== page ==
Okay I have to make a slight confession before I start reviewing this and that is that I began this book with preconceptions (totally justified I believe) which may have influenced my feelings towards it. As you will see from reading the review I have tried my best to be honest about what influence this had if any.
I am always sceptical of Award-winning books or those I am told I ‘must read’ so it was with the usual trepidation I approached this one. I had intended to have it read with time t spare to go see the film in the cinema but that plan failed miserably.
Now here comes the baggage I picked this book up with, I had been warned from various sources that the first half of the book was a drag but it was well worth sticking with it for the second half.
The real question is did this become a self fulfilling prophecy, did I only struggle to say awake through the first part of the book because that is what I was told to expect, honestly I don’t think so. The author has set out to write the book in one hundred chapters lets say at least thirty of the first fifty could have been scrapped. The first part of the story is slow paced and very much sets up the philosophical background with which the second half is inspected with. I guess part of the problem is that I really have very little interest in the religious dogmas of any of the groups therefore it put me off a little and really once events began to transpire where you would expect the question of God to be raised he played very little part.
The second half of the book was much better even though the pace did not pick up as much as I had anticipated. The overall premise of the book is interesting, could a boy survive cast adrift on a life raft with a tiger, I love the way the actual practicality of training the tiger to stay in his own half was explained, and in general the day to day survival was well written.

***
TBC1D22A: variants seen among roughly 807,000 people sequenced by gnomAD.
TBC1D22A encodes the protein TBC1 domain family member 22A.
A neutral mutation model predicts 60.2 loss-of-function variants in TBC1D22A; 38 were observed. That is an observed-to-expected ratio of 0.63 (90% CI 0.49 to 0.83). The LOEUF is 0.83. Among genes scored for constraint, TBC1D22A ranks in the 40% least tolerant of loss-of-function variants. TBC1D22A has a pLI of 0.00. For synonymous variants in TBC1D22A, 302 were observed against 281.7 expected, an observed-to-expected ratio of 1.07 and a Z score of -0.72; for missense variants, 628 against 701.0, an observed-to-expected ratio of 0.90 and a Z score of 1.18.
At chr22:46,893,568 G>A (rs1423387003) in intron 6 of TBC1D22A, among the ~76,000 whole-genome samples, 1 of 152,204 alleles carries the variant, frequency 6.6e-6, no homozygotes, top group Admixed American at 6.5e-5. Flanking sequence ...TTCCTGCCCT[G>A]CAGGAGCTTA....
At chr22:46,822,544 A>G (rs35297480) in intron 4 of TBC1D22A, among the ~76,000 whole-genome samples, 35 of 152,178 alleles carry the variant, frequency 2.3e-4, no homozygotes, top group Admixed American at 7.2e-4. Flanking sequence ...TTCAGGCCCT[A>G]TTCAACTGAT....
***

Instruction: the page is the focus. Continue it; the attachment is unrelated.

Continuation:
If I had to pick my favourite bit it would actually be the final few pages, I found the discussion there regarding what people can accept as a truth and how the same story can be told with a different cast yet one version be more palatable than the other. The actually quandary in those final pages as to the real essence of a story and its integrity I feel is a subject more worthy for further exploration than the philosophy of the various religions discussed previously.
I found that however much I enjoyed the second, half the book overall failed to live up to the hype and I do believe that the slow start was responsible for some of that. It did raise interesting topics for discussion and would be a brilliant book for a book club to discuss, I found myself disheartened and disappointed by it and no longer in a rush to see the film.
As much as it pains me I give this book 3.5 out of 5 which 3 of those marks were earned in the final 30 percent of the book.